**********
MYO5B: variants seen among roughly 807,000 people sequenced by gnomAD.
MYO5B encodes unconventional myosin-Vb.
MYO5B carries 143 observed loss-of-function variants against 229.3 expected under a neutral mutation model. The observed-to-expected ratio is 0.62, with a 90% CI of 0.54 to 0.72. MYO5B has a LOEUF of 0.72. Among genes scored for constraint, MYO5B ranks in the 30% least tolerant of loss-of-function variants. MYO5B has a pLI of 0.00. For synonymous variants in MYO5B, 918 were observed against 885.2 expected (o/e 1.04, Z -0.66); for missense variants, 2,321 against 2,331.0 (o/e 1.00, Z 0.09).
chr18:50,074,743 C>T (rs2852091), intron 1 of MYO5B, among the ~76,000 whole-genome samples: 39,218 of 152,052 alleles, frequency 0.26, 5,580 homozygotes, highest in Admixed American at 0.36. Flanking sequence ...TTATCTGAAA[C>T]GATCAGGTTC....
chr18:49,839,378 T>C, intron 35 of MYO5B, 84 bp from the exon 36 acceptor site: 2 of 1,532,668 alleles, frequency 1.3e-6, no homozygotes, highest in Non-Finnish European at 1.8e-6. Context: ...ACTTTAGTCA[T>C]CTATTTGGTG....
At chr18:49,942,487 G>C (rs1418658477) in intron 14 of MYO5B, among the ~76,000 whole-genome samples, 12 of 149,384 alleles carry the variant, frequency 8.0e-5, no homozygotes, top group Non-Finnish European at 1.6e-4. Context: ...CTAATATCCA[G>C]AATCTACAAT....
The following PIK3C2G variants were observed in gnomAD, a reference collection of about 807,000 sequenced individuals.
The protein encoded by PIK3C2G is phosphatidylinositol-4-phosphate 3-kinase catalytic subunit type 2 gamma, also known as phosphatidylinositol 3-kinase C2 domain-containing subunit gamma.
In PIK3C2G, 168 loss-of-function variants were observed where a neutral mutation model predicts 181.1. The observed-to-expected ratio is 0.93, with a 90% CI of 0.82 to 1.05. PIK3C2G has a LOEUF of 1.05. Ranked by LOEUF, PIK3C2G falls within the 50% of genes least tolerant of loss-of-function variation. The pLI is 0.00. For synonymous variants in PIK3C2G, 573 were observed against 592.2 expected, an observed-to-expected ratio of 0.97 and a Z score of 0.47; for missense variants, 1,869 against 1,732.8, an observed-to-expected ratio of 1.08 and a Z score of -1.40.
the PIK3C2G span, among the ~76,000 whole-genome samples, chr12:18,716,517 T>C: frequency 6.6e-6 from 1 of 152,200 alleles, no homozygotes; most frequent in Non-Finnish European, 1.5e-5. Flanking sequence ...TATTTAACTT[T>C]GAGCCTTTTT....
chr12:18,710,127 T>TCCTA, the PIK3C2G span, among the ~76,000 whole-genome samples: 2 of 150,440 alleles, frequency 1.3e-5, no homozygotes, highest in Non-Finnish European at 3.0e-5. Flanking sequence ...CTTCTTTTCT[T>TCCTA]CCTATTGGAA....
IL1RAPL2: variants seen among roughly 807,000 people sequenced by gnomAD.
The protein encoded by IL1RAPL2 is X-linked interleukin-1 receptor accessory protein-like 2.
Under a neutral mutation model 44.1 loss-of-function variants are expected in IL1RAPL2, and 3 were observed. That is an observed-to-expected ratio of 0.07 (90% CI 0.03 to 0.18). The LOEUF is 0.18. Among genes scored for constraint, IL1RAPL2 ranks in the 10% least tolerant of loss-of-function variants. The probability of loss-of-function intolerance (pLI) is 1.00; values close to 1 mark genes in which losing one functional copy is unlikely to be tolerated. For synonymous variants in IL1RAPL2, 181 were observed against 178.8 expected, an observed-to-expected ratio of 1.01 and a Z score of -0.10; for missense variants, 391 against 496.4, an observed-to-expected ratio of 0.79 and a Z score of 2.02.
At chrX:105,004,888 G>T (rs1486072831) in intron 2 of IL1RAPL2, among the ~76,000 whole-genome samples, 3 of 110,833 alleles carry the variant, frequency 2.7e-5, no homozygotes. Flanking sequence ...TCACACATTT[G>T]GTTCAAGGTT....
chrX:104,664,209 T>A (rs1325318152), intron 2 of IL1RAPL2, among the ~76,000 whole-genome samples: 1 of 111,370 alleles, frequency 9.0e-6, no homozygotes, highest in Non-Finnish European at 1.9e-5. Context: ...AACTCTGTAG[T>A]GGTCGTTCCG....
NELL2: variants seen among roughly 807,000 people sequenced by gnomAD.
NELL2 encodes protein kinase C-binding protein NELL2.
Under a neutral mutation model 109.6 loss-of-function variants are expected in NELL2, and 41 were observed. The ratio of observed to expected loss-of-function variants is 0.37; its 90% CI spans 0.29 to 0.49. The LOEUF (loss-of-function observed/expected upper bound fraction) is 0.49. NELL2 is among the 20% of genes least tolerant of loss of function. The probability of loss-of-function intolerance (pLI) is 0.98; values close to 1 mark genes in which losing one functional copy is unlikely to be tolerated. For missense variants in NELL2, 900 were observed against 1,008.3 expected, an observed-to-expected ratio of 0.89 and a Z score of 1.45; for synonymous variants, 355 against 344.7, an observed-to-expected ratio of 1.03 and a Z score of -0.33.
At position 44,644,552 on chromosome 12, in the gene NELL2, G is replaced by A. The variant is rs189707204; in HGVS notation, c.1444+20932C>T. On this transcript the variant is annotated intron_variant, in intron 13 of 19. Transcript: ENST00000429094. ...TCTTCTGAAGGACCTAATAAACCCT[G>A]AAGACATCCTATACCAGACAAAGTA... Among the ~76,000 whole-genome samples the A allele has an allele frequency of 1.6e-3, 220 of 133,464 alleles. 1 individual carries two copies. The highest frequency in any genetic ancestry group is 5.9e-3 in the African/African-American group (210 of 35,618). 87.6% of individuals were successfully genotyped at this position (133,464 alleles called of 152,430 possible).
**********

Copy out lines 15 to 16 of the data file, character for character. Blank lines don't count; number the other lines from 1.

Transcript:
At chrX:105,004,888 G>T (rs1486072831) in intron 2 of IL1RAPL2, among the ~76,000 whole-genome samples, 3 of 110,833 alleles carry the variant, frequency 2.7e-5, no homozygotes. Flanking sequence ...TCACACATTT[G>T]GTTCAAGGTT....
chrX:104,664,209 T>A (rs1325318152), intron 2 of IL1RAPL2, among the ~76,000 whole-genome samples: 1 of 111,370 alleles, frequency 9.0e-6, no homozygotes, highest in Non-Finnish European at 1.9e-5. Context: ...AACTCTGTAG[T>A]GGTCGTTCCG....